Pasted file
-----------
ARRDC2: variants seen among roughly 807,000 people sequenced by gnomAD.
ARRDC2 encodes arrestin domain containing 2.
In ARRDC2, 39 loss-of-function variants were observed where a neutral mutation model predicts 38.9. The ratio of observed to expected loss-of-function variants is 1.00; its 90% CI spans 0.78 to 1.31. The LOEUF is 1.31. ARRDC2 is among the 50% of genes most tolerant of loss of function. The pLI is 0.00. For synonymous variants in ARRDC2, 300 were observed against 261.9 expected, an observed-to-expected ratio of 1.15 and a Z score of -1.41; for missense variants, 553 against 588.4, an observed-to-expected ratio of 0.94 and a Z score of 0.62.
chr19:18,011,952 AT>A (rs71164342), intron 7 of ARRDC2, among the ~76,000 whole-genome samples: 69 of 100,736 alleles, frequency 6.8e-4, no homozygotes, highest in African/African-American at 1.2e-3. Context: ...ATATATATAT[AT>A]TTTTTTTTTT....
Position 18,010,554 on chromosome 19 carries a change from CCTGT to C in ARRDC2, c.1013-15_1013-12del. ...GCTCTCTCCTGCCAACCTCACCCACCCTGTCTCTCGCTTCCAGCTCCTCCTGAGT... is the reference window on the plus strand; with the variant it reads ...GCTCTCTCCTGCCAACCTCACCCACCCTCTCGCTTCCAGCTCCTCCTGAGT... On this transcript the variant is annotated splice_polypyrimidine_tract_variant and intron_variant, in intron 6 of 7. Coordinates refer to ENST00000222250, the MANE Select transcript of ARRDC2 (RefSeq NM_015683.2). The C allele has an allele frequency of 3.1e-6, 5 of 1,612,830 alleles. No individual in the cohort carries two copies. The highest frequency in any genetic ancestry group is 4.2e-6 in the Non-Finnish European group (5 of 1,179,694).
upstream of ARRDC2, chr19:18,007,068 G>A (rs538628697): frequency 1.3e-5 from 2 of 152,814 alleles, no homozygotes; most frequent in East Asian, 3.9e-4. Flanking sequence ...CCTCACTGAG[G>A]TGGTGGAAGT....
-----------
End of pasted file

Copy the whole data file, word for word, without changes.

ARRDC2: variants seen among roughly 807,000 people sequenced by gnomAD.
ARRDC2 encodes arrestin domain containing 2.
In ARRDC2, 39 loss-of-function variants were observed where a neutral mutation model predicts 38.9. The ratio of observed to expected loss-of-function variants is 1.00; its 90% CI spans 0.78 to 1.31. The LOEUF is 1.31. ARRDC2 is among the 50% of genes most tolerant of loss of function. The pLI is 0.00. For synonymous variants in ARRDC2, 300 were observed against 261.9 expected, an observed-to-expected ratio of 1.15 and a Z score of -1.41; for missense variants, 553 against 588.4, an observed-to-expected ratio of 0.94 and a Z score of 0.62.
chr19:18,011,952 AT>A (rs71164342), intron 7 of ARRDC2, among the ~76,000 whole-genome samples: 69 of 100,736 alleles, frequency 6.8e-4, no homozygotes, highest in African/African-American at 1.2e-3. Context: ...ATATATATAT[AT>A]TTTTTTTTTT....
Position 18,010,554 on chromosome 19 carries a change from CCTGT to C in ARRDC2, c.1013-15_1013-12del. ...GCTCTCTCCTGCCAACCTCACCCACCCTGTCTCTCGCTTCCAGCTCCTCCTGAGT... is the reference window on the plus strand; with the variant it reads ...GCTCTCTCCTGCCAACCTCACCCACCCTCTCGCTTCCAGCTCCTCCTGAGT... On this transcript the variant is annotated splice_polypyrimidine_tract_variant and intron_variant, in intron 6 of 7. Coordinates refer to ENST00000222250, the MANE Select transcript of ARRDC2 (RefSeq NM_015683.2). The C allele has an allele frequency of 3.1e-6, 5 of 1,612,830 alleles. No individual in the cohort carries two copies. The highest frequency in any genetic ancestry group is 4.2e-6 in the Non-Finnish European group (5 of 1,179,694).
upstream of ARRDC2, chr19:18,007,068 G>A (rs538628697): frequency 1.3e-5 from 2 of 152,814 alleles, no homozygotes; most frequent in East Asian, 3.9e-4. Flanking sequence ...CCTCACTGAG[G>A]TGGTGGAAGT....